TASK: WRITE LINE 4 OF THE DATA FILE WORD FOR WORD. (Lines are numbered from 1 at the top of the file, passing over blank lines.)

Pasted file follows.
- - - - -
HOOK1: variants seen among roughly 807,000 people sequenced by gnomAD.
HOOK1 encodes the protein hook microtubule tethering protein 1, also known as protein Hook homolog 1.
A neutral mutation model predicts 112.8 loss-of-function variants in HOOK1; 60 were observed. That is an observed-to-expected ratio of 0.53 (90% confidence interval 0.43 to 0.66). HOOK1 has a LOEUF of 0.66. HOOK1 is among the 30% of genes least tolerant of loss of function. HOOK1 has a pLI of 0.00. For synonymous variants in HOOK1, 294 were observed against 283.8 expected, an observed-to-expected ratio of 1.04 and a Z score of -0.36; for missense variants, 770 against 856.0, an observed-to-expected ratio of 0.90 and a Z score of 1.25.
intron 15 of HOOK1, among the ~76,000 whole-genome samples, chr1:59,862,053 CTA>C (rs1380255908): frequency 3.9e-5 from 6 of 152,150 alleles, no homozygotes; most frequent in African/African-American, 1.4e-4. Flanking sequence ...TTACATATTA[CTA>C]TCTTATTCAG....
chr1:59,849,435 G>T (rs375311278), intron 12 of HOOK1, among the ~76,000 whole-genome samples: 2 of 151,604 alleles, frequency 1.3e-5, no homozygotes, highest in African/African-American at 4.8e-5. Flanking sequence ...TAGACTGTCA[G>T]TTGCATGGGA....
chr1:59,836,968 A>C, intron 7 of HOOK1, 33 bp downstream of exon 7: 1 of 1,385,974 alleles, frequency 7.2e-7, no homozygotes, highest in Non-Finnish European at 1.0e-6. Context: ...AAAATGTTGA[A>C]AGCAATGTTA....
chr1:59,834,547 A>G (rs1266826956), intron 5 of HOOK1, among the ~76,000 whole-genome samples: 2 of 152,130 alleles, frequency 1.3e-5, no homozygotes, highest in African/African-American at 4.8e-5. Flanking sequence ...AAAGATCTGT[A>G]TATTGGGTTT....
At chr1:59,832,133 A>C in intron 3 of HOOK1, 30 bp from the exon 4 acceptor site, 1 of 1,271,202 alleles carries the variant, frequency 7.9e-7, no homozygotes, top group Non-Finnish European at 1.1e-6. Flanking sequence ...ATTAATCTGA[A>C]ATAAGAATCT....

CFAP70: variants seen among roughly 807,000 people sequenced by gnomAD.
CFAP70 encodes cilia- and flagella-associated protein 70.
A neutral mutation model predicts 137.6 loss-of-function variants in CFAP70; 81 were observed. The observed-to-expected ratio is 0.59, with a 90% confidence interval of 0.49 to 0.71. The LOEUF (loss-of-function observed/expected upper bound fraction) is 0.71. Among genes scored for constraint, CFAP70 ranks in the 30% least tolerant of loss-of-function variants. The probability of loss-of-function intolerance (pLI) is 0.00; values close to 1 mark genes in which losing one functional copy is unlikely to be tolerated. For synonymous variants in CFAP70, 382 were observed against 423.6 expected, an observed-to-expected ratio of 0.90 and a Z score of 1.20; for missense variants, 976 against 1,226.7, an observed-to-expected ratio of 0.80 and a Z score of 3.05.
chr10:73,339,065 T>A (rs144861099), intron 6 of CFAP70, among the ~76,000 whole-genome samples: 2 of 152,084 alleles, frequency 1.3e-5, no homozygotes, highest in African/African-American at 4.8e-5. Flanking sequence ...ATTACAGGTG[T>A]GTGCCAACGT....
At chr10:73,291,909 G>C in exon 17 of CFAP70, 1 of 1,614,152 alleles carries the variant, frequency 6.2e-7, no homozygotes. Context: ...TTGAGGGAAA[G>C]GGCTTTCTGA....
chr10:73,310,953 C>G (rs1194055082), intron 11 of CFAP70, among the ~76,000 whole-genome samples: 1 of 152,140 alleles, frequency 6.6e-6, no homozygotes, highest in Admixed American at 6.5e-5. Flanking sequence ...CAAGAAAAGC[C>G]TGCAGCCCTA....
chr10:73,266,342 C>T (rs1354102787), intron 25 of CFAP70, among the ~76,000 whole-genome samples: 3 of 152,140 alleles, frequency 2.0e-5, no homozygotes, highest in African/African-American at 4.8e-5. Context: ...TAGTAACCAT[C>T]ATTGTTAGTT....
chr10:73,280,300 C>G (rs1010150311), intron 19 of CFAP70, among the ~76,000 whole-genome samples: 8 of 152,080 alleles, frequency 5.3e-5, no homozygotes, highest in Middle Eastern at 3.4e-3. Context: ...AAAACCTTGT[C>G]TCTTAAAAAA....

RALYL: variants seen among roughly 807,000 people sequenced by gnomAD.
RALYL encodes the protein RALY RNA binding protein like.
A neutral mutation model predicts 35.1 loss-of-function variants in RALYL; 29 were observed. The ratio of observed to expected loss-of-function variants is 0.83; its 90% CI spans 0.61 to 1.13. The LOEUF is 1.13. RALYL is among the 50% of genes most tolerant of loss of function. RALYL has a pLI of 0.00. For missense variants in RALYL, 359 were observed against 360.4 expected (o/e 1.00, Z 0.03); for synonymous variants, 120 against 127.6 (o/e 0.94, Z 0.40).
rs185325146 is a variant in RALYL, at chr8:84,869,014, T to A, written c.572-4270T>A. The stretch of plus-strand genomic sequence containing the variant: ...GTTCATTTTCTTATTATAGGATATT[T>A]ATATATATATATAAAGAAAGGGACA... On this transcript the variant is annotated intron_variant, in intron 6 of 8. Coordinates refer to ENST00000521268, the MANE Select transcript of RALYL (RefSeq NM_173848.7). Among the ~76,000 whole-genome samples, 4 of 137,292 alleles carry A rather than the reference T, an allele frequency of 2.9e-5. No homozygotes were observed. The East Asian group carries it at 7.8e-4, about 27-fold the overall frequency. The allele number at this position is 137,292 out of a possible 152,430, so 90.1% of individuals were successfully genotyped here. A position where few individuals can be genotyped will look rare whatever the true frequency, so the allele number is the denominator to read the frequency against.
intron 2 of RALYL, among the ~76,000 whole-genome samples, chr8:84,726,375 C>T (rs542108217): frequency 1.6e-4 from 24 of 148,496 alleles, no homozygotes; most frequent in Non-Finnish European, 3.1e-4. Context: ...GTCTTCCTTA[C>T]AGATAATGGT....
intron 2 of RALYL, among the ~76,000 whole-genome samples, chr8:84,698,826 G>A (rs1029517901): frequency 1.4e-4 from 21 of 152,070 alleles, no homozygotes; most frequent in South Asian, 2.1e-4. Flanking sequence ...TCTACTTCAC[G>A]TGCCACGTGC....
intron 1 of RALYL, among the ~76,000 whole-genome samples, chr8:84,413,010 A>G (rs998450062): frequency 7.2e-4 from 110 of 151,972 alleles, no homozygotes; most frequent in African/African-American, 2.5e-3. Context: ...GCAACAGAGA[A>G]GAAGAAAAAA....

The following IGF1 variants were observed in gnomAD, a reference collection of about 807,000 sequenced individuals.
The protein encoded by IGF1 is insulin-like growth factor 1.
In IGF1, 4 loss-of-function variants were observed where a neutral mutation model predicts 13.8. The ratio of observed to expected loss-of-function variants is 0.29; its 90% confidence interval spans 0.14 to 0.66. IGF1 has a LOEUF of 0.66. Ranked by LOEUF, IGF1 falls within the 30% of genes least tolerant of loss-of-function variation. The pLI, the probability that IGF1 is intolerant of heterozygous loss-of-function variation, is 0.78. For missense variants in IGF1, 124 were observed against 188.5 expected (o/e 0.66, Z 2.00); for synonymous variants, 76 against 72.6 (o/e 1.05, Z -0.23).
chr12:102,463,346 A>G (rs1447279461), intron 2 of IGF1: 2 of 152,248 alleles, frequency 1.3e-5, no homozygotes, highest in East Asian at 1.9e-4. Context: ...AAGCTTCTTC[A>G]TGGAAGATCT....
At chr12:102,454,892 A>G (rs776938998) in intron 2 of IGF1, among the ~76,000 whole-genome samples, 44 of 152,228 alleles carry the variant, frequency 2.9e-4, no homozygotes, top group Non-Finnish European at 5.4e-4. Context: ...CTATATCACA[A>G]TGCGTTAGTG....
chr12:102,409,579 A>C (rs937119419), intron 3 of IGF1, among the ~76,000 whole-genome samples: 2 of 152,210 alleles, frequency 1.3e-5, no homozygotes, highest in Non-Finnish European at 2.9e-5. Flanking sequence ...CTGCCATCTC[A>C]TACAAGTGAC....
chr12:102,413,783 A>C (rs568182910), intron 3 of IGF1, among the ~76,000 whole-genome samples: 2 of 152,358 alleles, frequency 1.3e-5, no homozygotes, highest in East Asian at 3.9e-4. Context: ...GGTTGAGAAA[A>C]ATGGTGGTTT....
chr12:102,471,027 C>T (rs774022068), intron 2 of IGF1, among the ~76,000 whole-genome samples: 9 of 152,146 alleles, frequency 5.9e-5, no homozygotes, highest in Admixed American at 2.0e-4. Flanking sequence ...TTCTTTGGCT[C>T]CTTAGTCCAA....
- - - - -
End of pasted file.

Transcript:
intron 15 of HOOK1, among the ~76,000 whole-genome samples, chr1:59,862,053 CTA>C (rs1380255908): frequency 3.9e-5 from 6 of 152,150 alleles, no homozygotes; most frequent in African/African-American, 1.4e-4. Flanking sequence ...TTACATATTA[CTA>C]TCTTATTCAG....